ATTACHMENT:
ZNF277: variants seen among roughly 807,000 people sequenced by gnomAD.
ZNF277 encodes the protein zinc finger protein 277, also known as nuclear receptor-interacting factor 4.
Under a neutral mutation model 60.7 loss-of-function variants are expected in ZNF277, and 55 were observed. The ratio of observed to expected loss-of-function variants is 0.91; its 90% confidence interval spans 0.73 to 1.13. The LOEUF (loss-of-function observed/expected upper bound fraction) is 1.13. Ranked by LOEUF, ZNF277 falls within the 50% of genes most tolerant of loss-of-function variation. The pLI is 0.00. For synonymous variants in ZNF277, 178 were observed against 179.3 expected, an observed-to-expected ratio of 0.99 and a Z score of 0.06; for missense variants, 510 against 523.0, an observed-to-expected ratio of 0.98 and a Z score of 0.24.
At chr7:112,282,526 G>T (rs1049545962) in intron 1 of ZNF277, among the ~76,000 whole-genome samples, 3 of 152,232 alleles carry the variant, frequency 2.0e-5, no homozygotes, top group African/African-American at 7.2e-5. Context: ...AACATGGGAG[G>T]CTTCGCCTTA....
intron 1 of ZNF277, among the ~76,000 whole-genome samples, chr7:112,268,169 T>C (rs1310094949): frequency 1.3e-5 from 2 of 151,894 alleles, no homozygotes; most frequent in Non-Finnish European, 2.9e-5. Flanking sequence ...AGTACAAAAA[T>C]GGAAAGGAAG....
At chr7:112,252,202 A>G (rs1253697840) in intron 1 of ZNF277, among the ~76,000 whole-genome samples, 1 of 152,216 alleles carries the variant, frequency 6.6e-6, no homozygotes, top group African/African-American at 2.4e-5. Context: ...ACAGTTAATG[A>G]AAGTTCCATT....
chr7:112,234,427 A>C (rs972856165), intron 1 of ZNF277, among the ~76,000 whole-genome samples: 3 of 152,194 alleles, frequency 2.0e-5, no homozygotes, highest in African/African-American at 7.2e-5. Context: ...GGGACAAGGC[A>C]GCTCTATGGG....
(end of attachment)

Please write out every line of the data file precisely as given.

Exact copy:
ZNF277: variants seen among roughly 807,000 people sequenced by gnomAD.
ZNF277 encodes the protein zinc finger protein 277, also known as nuclear receptor-interacting factor 4.
Under a neutral mutation model 60.7 loss-of-function variants are expected in ZNF277, and 55 were observed. The ratio of observed to expected loss-of-function variants is 0.91; its 90% confidence interval spans 0.73 to 1.13. The LOEUF (loss-of-function observed/expected upper bound fraction) is 1.13. Ranked by LOEUF, ZNF277 falls within the 50% of genes most tolerant of loss-of-function variation. The pLI is 0.00. For synonymous variants in ZNF277, 178 were observed against 179.3 expected, an observed-to-expected ratio of 0.99 and a Z score of 0.06; for missense variants, 510 against 523.0, an observed-to-expected ratio of 0.98 and a Z score of 0.24.
At chr7:112,282,526 G>T (rs1049545962) in intron 1 of ZNF277, among the ~76,000 whole-genome samples, 3 of 152,232 alleles carry the variant, frequency 2.0e-5, no homozygotes, top group African/African-American at 7.2e-5. Context: ...AACATGGGAG[G>T]CTTCGCCTTA....
intron 1 of ZNF277, among the ~76,000 whole-genome samples, chr7:112,268,169 T>C (rs1310094949): frequency 1.3e-5 from 2 of 151,894 alleles, no homozygotes; most frequent in Non-Finnish European, 2.9e-5. Flanking sequence ...AGTACAAAAA[T>C]GGAAAGGAAG....
At chr7:112,252,202 A>G (rs1253697840) in intron 1 of ZNF277, among the ~76,000 whole-genome samples, 1 of 152,216 alleles carries the variant, frequency 6.6e-6, no homozygotes, top group African/African-American at 2.4e-5. Context: ...ACAGTTAATG[A>G]AAGTTCCATT....
chr7:112,234,427 A>C (rs972856165), intron 1 of ZNF277, among the ~76,000 whole-genome samples: 3 of 152,194 alleles, frequency 2.0e-5, no homozygotes, highest in African/African-American at 7.2e-5. Context: ...GGGACAAGGC[A>C]GCTCTATGGG....